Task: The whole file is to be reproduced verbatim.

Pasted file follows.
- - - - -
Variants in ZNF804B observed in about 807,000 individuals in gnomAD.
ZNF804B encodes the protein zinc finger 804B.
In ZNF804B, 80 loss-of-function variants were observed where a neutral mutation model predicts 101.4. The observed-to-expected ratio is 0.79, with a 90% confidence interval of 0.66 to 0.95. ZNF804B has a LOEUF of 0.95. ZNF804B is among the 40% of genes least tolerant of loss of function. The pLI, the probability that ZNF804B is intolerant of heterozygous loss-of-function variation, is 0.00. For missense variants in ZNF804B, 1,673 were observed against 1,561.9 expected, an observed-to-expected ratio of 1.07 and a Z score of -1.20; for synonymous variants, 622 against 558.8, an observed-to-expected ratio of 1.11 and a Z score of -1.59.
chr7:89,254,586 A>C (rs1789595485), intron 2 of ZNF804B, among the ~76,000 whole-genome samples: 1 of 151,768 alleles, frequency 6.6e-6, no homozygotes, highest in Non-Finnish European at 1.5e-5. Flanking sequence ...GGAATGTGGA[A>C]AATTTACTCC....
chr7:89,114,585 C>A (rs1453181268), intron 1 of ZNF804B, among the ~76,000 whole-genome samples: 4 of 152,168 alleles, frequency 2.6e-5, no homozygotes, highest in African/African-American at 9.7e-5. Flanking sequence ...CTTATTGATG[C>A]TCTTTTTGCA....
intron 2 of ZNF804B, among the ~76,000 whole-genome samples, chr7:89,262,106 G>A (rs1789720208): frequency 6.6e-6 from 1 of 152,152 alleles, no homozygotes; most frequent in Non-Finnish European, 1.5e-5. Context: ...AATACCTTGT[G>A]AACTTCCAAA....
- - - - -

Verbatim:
Variants in ZNF804B observed in about 807,000 individuals in gnomAD.
ZNF804B encodes the protein zinc finger 804B.
In ZNF804B, 80 loss-of-function variants were observed where a neutral mutation model predicts 101.4. The observed-to-expected ratio is 0.79, with a 90% confidence interval of 0.66 to 0.95. ZNF804B has a LOEUF of 0.95. ZNF804B is among the 40% of genes least tolerant of loss of function. The pLI, the probability that ZNF804B is intolerant of heterozygous loss-of-function variation, is 0.00. For missense variants in ZNF804B, 1,673 were observed against 1,561.9 expected, an observed-to-expected ratio of 1.07 and a Z score of -1.20; for synonymous variants, 622 against 558.8, an observed-to-expected ratio of 1.11 and a Z score of -1.59.
chr7:89,254,586 A>C (rs1789595485), intron 2 of ZNF804B, among the ~76,000 whole-genome samples: 1 of 151,768 alleles, frequency 6.6e-6, no homozygotes, highest in Non-Finnish European at 1.5e-5. Flanking sequence ...GGAATGTGGA[A>C]AATTTACTCC....
chr7:89,114,585 C>A (rs1453181268), intron 1 of ZNF804B, among the ~76,000 whole-genome samples: 4 of 152,168 alleles, frequency 2.6e-5, no homozygotes, highest in African/African-American at 9.7e-5. Flanking sequence ...CTTATTGATG[C>A]TCTTTTTGCA....
intron 2 of ZNF804B, among the ~76,000 whole-genome samples, chr7:89,262,106 G>A (rs1789720208): frequency 6.6e-6 from 1 of 152,152 alleles, no homozygotes; most frequent in Non-Finnish European, 1.5e-5. Context: ...AATACCTTGT[G>A]AACTTCCAAA....